Desperation in Trying to Revive the U.S. Auto Industry
Foreign lands define themselves to us through national symbols long before we learn their languages or customs. The bear reminds us to be careful of Russia and Germany, the rooster crows for France, Britain fronts the haughty lion while we Americans identify with highflying, lonely eagles.
But for much of the 20th century, the car -- the more powerful and flashier the better -- represented the modern American way of life to the world. The restless ambition to move up and on, diversity of choice and the embrace of excess that are hallmarks of American society run through the country's love affair with automobiles and highways. The car defines for many Americans who they are and what they want, at least while they are behind the wheel.
So President Obama and his aides have set themselves an enormous and politically dangerous task in trying to rescue the American car. That they are providing massive government funding to General Motors and Chrysler without a clear vision or guiding philosophy about the effects their decisions will visit on the industry -- and ultimately on the American dream as shaped or misshaped by Detroit -- compounds the risks they take.
This is a president who knows how to put on a brave face in public. He and his aides labor to reassure us that the banks are sound, that GM will stop digging its own grave any day now and the Iranians may yet be talked out of building nuclear weapons. One out of three may turn out not to be so bad. (I'll bet on the banks.)
This visible courage comes in handy. Obama demonstrated how on his hopscotch across the Middle East and Europe. Standing in Cairo to tell the Muslim world to stop denying the Holocaust and to stop applauding the murderers of Sept. 11, 2001 -- just before he called on Israel to halt settlements in Palestine -- required moral toughness and clarity. He deftly anticipated the risks of following this middle course.
But relying on steady composure to buy time carries its own risks. This could be the case as it becomes clearer to Americans that the $50 billion U.S. bailout of GM is being driven entirely by fear and the lack of any strategy other than warding off immediate disaster.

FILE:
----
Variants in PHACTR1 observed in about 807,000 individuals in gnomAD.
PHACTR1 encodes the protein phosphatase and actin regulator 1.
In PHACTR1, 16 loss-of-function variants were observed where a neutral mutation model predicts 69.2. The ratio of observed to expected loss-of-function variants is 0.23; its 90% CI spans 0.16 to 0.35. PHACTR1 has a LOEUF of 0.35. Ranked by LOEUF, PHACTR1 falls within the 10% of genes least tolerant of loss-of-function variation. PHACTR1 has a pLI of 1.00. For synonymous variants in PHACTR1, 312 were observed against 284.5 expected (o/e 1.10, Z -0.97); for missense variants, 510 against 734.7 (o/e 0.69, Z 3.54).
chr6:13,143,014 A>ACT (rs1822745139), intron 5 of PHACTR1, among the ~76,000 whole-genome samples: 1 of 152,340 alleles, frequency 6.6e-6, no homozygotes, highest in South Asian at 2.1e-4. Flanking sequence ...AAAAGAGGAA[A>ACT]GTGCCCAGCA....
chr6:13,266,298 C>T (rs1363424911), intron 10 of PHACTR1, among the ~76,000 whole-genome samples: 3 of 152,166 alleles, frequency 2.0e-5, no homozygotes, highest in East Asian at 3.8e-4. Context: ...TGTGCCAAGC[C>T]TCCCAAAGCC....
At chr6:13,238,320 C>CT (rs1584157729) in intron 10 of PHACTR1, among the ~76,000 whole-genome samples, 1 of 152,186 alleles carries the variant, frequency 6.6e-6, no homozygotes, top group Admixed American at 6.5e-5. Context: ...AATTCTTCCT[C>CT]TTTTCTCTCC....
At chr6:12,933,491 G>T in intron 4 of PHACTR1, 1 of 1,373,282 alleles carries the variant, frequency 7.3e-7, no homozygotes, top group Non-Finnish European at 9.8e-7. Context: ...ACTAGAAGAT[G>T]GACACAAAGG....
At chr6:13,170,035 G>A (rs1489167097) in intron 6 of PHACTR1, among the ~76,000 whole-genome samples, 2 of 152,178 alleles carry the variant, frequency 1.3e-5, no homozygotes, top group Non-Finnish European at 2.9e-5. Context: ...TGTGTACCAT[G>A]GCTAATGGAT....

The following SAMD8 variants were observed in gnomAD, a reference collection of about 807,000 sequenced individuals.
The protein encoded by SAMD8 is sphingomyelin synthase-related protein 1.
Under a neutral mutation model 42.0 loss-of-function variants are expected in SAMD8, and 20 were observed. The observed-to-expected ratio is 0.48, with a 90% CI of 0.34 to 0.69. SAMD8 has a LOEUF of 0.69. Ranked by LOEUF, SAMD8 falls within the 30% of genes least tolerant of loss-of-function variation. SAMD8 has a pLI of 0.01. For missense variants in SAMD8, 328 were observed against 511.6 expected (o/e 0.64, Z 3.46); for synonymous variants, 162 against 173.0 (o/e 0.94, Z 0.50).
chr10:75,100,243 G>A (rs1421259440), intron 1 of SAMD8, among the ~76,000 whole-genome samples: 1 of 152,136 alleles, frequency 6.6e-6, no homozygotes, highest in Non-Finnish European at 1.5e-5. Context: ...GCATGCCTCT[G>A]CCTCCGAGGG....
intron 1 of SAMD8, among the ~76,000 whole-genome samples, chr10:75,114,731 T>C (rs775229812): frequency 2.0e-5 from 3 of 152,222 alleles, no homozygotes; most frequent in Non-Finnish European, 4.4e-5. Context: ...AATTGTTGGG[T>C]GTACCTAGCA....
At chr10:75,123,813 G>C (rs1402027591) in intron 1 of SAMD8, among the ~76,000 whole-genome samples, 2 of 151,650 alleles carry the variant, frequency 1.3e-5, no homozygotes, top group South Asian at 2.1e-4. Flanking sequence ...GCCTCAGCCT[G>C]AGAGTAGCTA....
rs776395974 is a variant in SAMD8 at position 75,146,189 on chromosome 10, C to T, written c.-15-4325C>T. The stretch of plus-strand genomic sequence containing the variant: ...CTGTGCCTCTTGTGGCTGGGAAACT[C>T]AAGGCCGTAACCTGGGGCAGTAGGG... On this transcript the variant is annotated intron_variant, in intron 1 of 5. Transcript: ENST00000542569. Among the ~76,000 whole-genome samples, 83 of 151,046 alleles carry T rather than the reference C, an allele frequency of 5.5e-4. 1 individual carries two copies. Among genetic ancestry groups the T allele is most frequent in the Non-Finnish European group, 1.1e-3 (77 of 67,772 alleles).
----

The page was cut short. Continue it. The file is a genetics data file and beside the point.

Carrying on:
"We are a reluctant draftee, not a volunteer" in taking ownership stakes in GM and Chrysler, says Steven Rattner, a leader of the White House auto task force overseeing those bailouts. "We backed into it out of necessity, not choice" to avoid company crashes that would have threatened the national economy, Rattner continues.
Brian Deese, another task force member, adds that the president's advisers thought about an abrupt liquidation of GM "as a Lehman-type risk, an event that would bring on things you can't predict. . . . We were looking at a uniquely fragile moment" when GM came asking for and got emergency federal funding.
But should we be reassured when the president and his advisers vow so strenuously that they are not surreptitiously nationalizing the banks and the automobile industry? "Fixing car companies is not part of a broader agenda," Rattner told Post opinion writers last week. "Our goal is to get out as soon as possible."
But Rattner may protest a little too much. This administration is recasting the government's role in the economy and its relationship to private enterprise on a massive scale that needs to be thought about, acknowledged and subjected to an honest national debate.
By design or "necessity," Obama will fashion something resembling an American social democracy by the time he leaves office, having lifted the national debt to previously unimaginable levels and rejiggered corporate-labor relations through a government-supervised auto industry. Better a master plan, openly arrived at and spelling out a governing philosophy, than a camouflage of calm to avoid GOP accusations of nationalization.
I find striking and a little alarming Deese's reference to the fear of a repeat of the sudden failure of Lehman Brothers last September and the subsequent freezing up of credit markets as being a driving force in the GM bailout. It points toward a current of desperation that runs just beneath Obama's outward sang-froid but does not get acknowledged until after the fact.
The American car industry has earned opprobrium for turning a once-proud national symbol into a global insignia of corporate failure. In other spheres, Obama has promised to correct American mistakes. That should go for cars, too.